A new kid on the block this, but one with heritage. End of the Road has established itself as one of the best small festivals around, and this year the organisers inaugurated a young sibling known as No Direction Home, set within the exensive and picturesque estate of Welbeck Abbey on the fringes of Worksop. Having arrived in the driving rain, much of Friday was spent drying out and sizing up the main arena, so while the likes of Django Django and the Low Anthem were sounding good on the main stage, they weren’t holding our full attention.
Saturday began with a touch of Laish on the main stage. Brightonian, with lashings of the Miserable Rich and Divine Comedy, they provided a suitable overture to the jazz-blues inflexions of Liz Green. Accompanied by an oddly-attired band including a turbanned saxophonist and double bassist in misguided silken shorts, Green’s easy charm and rapport was an instant winner.
First revelation of the weekend was Martin Simpson. As a newcomer to his work, I was entranced by his exquisite, intricate bluesy picking and inventive re-tuning, not to mention heart-rending songs and delightful chat. I enjoyed it so much I was happy to watch him give a half-hour guitar techniques demonstration later in the day.
The Cornshed Sisters have become one of my favourite live acts of this year, though they seemed a little ill at ease on this occasion, displaying less of their customary wit and bonhomie and harmonies not always hitting the spot. Shame, because on their day they can be utterly beguiling. Menwhile Andrew Bird delivered great showmanship, brilliant musicality and some superb tunes. The weather wasn’t ideal, which took some of the sheen off, but I have the Roundhouse gig to look forward to, which should be a more intimate affair.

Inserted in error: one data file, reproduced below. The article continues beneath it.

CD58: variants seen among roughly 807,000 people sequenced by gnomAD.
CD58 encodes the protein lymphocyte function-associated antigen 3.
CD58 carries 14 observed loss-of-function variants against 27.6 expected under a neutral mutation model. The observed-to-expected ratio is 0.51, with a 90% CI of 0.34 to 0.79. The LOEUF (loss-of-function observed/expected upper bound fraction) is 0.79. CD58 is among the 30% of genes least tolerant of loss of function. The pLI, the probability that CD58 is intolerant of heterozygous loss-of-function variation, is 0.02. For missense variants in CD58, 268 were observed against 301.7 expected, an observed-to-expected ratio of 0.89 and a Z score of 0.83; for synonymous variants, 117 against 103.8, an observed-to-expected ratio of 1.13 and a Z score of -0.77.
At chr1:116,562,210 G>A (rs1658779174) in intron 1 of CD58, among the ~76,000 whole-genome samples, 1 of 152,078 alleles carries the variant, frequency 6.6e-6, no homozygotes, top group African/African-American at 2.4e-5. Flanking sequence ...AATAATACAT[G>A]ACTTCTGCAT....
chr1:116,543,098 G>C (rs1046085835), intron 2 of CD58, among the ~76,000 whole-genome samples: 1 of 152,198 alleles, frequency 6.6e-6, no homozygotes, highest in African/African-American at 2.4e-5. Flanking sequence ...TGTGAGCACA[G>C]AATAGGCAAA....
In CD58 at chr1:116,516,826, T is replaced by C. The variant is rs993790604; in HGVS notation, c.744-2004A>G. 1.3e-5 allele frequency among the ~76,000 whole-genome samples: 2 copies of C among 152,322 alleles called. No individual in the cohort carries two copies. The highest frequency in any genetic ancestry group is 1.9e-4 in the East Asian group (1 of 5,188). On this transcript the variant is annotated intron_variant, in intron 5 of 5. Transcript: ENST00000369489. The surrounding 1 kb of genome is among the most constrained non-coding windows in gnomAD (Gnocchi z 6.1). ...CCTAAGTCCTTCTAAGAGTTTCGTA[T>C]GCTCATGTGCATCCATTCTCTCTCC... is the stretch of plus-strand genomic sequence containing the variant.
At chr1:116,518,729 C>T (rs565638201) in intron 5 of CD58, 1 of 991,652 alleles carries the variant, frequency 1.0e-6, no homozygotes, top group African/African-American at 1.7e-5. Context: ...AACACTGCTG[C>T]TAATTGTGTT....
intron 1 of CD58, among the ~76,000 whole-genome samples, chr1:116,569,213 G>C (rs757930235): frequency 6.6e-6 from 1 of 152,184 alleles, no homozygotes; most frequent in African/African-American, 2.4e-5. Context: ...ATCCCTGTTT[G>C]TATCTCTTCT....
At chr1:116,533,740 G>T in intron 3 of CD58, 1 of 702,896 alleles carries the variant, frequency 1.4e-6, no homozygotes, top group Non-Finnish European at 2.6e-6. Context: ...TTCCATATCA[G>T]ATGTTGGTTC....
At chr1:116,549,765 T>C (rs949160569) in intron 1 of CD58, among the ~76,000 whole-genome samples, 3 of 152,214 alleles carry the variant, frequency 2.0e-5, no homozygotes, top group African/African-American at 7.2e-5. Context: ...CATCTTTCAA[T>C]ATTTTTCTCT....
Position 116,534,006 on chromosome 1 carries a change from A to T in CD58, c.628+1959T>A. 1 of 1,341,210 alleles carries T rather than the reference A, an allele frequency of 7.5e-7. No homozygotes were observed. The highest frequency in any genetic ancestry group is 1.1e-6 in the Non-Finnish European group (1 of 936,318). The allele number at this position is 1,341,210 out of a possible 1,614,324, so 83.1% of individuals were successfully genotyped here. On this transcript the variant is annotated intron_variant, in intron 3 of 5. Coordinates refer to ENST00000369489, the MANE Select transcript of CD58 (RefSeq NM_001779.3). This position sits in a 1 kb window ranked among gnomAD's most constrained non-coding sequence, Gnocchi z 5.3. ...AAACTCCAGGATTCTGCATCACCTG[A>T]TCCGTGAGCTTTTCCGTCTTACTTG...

So on to Sunday, and a noontime encounter with Ned The Kids Dylan at the Rough Trade stall. This junior singer/guitarist was a revelation at last year’s End Of The Road with his self-penned tunes, and it’ll be interesting to see how he develops. From there it was a short hop to the main stage for Trembling Bells. Their recent Union Chapel show with Bonnie Prince Billy suffered from a lack of punch, but with a sound system better suited to them, they came alive with bristling guitar and creative drumming that didn’t overpower the rest of the sound. A truly stunning set.
Cold Specks provided a slab of Sunday gospel. For a little lady, Al Spx has an amazingly powerful voice, almost overpowering at times, but perfect for kicking back on a blanket to. Then the Wave Pictures come along to wake us up, to bop around to their beaty tunes full of cheeky and intricate guitar licks.
The Flying Boating Club is a small boathouse at the edge of the beautiful lake, which has the feel of a pub beer garden. Here we saw Dog Ears, an acoustic three-piece combining the vocal harmonies of the Leisure Society with the guitar stylings of Nick Drake, and with an endearing and warm stage presence. Also here, Laura J. Martin was displaying her impressive multi-instrumentalism, especially some gutsy flute playing, reminiscent of Ian Anderson.
Back to the main stage for Slow Club, sounding crisp and clear thanks to the excellent mainstage sound. There’s nothing particularly original about them, but they have boundless energy and a sense of fun, and in Rebecca they have one of the finest vocalists around. The main stage was rounded off by Richard Hawley, who was debilitated by a leg injury and wheeled onto stage where he conducted his set from a seated position. He delivered a varied set with good humour and not a little rockabilly style.
So, how does the festival shape up? While it will, at least in the early days, live in the shadow of EOTR, distinctive features like the Flying Boating Club and many of the unique craft tents bring something different to the feast. There is plenty of room to move and indeed for the festival to expand. The sound quality is excellent, especially on the main stage, and there is a good range of stalls offering quality local food and ales. All in all, a good start.